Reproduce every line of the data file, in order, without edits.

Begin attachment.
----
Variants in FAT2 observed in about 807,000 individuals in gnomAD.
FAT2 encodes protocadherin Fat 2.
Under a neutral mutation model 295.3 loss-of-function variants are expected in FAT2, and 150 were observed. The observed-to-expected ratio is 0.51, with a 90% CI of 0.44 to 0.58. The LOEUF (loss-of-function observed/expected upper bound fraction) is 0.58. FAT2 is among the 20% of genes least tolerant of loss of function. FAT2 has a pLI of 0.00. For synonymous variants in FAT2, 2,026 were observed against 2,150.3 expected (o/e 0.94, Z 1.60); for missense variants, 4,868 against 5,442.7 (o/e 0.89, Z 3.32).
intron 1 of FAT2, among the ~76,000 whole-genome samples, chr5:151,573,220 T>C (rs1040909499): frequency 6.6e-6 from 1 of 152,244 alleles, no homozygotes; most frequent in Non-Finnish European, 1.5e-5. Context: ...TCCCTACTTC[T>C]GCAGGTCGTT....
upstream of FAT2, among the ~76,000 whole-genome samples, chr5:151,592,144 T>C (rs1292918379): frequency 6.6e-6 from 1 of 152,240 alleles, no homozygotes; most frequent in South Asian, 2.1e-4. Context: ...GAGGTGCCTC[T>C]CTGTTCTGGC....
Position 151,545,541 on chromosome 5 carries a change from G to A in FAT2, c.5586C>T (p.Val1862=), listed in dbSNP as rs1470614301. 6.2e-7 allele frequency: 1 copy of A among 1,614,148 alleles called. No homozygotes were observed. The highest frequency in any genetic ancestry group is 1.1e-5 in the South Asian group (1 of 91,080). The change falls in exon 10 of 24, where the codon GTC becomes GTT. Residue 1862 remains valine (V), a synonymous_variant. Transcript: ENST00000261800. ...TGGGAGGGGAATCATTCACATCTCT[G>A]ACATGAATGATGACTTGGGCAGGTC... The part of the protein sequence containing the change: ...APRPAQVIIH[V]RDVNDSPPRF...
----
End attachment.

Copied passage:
Variants in FAT2 observed in about 807,000 individuals in gnomAD.
FAT2 encodes protocadherin Fat 2.
Under a neutral mutation model 295.3 loss-of-function variants are expected in FAT2, and 150 were observed. The observed-to-expected ratio is 0.51, with a 90% CI of 0.44 to 0.58. The LOEUF (loss-of-function observed/expected upper bound fraction) is 0.58. FAT2 is among the 20% of genes least tolerant of loss of function. FAT2 has a pLI of 0.00. For synonymous variants in FAT2, 2,026 were observed against 2,150.3 expected (o/e 0.94, Z 1.60); for missense variants, 4,868 against 5,442.7 (o/e 0.89, Z 3.32).
intron 1 of FAT2, among the ~76,000 whole-genome samples, chr5:151,573,220 T>C (rs1040909499): frequency 6.6e-6 from 1 of 152,244 alleles, no homozygotes; most frequent in Non-Finnish European, 1.5e-5. Context: ...TCCCTACTTC[T>C]GCAGGTCGTT....
upstream of FAT2, among the ~76,000 whole-genome samples, chr5:151,592,144 T>C (rs1292918379): frequency 6.6e-6 from 1 of 152,240 alleles, no homozygotes; most frequent in South Asian, 2.1e-4. Context: ...GAGGTGCCTC[T>C]CTGTTCTGGC....
Position 151,545,541 on chromosome 5 carries a change from G to A in FAT2, c.5586C>T (p.Val1862=), listed in dbSNP as rs1470614301. 6.2e-7 allele frequency: 1 copy of A among 1,614,148 alleles called. No homozygotes were observed. The highest frequency in any genetic ancestry group is 1.1e-5 in the South Asian group (1 of 91,080). The change falls in exon 10 of 24, where the codon GTC becomes GTT. Residue 1862 remains valine (V), a synonymous_variant. Transcript: ENST00000261800. ...TGGGAGGGGAATCATTCACATCTCT[G>A]ACATGAATGATGACTTGGGCAGGTC... The part of the protein sequence containing the change: ...APRPAQVIIH[V]RDVNDSPPRF...